CryoSolplus could help keep EV batteries cool

CryoSolplus could help keep EV...
A sample of Fraunhofer's CryoSolplus phase-change battery coolant
A sample of Fraunhofer's CryoSolplus phase-change battery coolant
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A sample of Fraunhofer's CryoSolplus phase-change battery coolant
A sample of Fraunhofer's CryoSolplus phase-change battery coolant

One of the big enemies of electric vehicle batteries is heat. Batteries already warm up under normal use, but when hot summer temperatures or high workloads are thrown in, overheating becomes a real possibility. According to the Fraunhofer Institute for Environmental, Safety and Energy Technology, running a battery at ten degrees over its maximum “comfort level” of about 35ºC (95ºF) can deplete its service life by half. That’s why researchers there have developed a battery coolant known as CryoSolplus, which is said to offer three times the cooling capacity of plain water.

CryoSolplus consists of water, paraffin, stabilizing tensides (detergents) and “a dash” of glycol anti-freeze. When the solution is cool, the paraffin takes the form of solid droplets. The tensides keep those droplets suspended uniformly throughout the mixture, as opposed to clumping together or floating on top.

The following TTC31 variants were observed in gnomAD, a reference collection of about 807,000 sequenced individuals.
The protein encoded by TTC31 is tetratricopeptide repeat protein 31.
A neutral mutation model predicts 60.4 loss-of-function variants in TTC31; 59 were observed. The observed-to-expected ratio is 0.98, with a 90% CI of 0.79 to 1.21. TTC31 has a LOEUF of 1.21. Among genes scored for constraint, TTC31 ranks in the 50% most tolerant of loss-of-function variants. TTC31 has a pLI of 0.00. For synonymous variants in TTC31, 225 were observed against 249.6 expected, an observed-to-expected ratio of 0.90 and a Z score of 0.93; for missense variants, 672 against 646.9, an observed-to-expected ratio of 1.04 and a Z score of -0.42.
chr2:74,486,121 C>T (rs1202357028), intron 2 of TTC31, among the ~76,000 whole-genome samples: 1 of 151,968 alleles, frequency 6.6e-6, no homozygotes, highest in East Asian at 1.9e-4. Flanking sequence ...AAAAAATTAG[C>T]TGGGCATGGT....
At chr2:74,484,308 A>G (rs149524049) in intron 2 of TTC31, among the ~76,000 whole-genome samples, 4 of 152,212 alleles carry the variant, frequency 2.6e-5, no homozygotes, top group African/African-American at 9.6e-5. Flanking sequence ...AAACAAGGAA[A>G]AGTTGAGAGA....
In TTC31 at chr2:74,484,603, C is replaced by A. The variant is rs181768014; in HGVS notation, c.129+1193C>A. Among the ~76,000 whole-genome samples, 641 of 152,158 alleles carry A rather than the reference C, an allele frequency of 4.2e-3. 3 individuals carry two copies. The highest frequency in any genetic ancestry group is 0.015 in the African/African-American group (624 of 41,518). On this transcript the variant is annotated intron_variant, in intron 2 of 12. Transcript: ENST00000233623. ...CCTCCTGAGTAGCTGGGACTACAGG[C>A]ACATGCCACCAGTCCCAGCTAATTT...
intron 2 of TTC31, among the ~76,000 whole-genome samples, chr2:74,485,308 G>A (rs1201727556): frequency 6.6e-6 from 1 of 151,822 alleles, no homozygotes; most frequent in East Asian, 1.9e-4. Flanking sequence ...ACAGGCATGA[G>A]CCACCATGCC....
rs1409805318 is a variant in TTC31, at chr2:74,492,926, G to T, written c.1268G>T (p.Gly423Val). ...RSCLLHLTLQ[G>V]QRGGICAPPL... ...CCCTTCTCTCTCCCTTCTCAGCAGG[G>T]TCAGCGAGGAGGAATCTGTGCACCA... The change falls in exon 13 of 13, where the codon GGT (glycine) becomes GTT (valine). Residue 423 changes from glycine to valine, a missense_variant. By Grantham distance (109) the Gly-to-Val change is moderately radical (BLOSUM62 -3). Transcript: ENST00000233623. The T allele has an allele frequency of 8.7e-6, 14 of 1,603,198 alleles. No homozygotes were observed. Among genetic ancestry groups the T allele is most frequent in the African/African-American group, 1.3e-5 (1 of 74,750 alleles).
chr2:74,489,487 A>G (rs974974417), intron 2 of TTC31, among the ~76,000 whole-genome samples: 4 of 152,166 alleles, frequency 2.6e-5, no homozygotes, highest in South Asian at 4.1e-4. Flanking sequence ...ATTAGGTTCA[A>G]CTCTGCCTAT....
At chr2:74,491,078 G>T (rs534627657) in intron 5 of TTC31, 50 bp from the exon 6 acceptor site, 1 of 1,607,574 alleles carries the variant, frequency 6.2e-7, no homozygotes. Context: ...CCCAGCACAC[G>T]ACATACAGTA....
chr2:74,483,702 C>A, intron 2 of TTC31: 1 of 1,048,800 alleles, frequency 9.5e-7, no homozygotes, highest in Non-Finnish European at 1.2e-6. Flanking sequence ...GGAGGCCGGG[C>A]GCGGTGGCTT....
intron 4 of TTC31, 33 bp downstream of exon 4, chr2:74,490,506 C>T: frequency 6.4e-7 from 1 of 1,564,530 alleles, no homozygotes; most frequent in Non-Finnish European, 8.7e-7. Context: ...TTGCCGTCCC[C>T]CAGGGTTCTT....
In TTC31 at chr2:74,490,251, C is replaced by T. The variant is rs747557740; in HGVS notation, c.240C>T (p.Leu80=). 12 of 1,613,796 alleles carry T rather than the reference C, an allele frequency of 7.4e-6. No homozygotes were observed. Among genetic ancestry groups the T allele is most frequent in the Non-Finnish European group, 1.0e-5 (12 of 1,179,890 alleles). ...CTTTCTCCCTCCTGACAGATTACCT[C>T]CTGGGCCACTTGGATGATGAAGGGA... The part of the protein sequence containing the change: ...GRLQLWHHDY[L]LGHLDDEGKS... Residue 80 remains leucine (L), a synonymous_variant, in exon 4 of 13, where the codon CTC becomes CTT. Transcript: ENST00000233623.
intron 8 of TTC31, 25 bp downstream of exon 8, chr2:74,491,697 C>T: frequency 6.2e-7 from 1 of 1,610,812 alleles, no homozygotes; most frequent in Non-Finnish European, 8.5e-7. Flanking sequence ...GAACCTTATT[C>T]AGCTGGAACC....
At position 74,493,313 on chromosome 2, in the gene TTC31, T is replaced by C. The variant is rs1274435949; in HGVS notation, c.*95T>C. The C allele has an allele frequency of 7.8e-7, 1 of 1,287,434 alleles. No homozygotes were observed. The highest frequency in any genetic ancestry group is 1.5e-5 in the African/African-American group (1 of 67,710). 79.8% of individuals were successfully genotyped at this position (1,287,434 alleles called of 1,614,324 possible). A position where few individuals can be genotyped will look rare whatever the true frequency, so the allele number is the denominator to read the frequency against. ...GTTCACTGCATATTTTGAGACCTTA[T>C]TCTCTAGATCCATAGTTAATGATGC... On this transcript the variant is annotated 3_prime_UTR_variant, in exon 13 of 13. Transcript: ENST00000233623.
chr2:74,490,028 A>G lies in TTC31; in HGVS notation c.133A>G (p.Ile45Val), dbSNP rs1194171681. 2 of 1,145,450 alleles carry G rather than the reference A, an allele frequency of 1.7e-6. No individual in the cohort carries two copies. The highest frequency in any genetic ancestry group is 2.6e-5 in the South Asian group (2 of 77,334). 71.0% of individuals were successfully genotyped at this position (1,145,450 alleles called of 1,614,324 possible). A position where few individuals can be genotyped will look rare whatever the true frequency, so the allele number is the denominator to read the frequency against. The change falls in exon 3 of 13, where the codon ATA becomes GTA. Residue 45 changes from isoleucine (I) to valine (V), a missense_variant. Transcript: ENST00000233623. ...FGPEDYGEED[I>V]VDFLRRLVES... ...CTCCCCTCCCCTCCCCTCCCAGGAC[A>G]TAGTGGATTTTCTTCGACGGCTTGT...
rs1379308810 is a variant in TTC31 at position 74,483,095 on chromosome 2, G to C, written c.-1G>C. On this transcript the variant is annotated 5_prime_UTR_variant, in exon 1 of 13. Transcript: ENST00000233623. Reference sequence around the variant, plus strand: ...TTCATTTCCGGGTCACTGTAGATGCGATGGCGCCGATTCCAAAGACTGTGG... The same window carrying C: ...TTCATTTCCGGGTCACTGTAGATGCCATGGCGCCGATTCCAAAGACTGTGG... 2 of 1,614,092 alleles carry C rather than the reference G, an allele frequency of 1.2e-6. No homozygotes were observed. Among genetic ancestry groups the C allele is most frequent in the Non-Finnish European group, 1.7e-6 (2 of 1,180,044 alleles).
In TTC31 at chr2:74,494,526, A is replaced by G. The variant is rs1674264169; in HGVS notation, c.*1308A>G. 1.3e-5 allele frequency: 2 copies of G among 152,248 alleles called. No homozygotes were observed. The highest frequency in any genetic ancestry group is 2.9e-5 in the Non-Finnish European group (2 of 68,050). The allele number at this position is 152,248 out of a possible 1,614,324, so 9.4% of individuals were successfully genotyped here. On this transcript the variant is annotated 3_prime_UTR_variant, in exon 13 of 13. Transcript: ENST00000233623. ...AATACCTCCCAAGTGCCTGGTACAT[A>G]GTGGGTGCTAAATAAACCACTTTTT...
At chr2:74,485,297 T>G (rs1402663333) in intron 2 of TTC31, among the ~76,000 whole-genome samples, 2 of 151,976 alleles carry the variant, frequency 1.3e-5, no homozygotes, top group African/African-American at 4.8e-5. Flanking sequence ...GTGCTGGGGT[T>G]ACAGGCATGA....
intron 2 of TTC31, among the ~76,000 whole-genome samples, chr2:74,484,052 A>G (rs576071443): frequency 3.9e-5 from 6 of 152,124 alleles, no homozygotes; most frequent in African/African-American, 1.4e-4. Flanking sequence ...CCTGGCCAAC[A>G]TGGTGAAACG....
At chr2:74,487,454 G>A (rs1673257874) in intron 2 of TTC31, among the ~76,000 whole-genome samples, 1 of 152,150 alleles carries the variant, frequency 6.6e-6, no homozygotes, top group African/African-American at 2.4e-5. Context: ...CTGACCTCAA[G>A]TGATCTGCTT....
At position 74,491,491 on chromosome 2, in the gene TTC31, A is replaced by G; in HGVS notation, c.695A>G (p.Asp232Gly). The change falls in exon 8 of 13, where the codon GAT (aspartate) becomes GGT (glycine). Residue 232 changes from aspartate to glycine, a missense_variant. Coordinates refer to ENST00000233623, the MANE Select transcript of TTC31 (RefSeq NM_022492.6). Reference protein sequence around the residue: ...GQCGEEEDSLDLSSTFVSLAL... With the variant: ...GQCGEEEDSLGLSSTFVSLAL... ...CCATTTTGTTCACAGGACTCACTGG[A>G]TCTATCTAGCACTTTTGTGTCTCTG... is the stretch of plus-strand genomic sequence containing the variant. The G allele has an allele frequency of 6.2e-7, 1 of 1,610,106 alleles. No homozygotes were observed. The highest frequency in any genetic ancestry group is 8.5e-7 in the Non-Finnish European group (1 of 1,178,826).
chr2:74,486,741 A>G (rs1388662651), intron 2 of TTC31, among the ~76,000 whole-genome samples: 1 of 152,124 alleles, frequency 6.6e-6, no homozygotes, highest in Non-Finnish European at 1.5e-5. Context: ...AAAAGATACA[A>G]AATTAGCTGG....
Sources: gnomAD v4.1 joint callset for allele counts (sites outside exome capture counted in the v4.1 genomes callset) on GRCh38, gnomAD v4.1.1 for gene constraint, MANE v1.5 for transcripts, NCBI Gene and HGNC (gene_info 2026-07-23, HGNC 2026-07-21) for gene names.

As the solution is heated, the droplets melt, storing the heat in the process. Circulated in pipes around EV batteries, CryoSolplus could utilize this process to continuously carry away battery-generated heat. The liquified paraffin forms back into droplets as the solution cools, ready to repeat the process on the next drive.

The even dispersion of the droplets is key to the coolant’s effectiveness, so the researchers had to make sure that the tensides they chose could be stored for a long time without deteriorating, that they could stand up to the rigors of being pumped through pipes, and that thermal stresses (such as freezing and thawing) wouldn’t affect their performance.

Because CryoSolplus conducts heat so much better than water, less liquid would be needed within a vehicle’s cooling system, resulting in a smaller coolant tank size and lower weight. It is estimated that a system using the coolant would only be about €50 to €100 (US$61- $122) more expensive than a water-based cooling system.

The company is now working on boosting the coolant’s heat capacity, along with its ability to transfer heat and flow more smoothly. Field tests using an experimental vehicle are being planned.

Source: Fraunhofer

Heat is energy. What will the breakthrough that allows that waste heat to be converted back into electricity?
Great. More toxic stuff to compensate for the laughably inefficient and toxic batteries for EVs.
I wonder how this would perform as liquid cooling in a computer.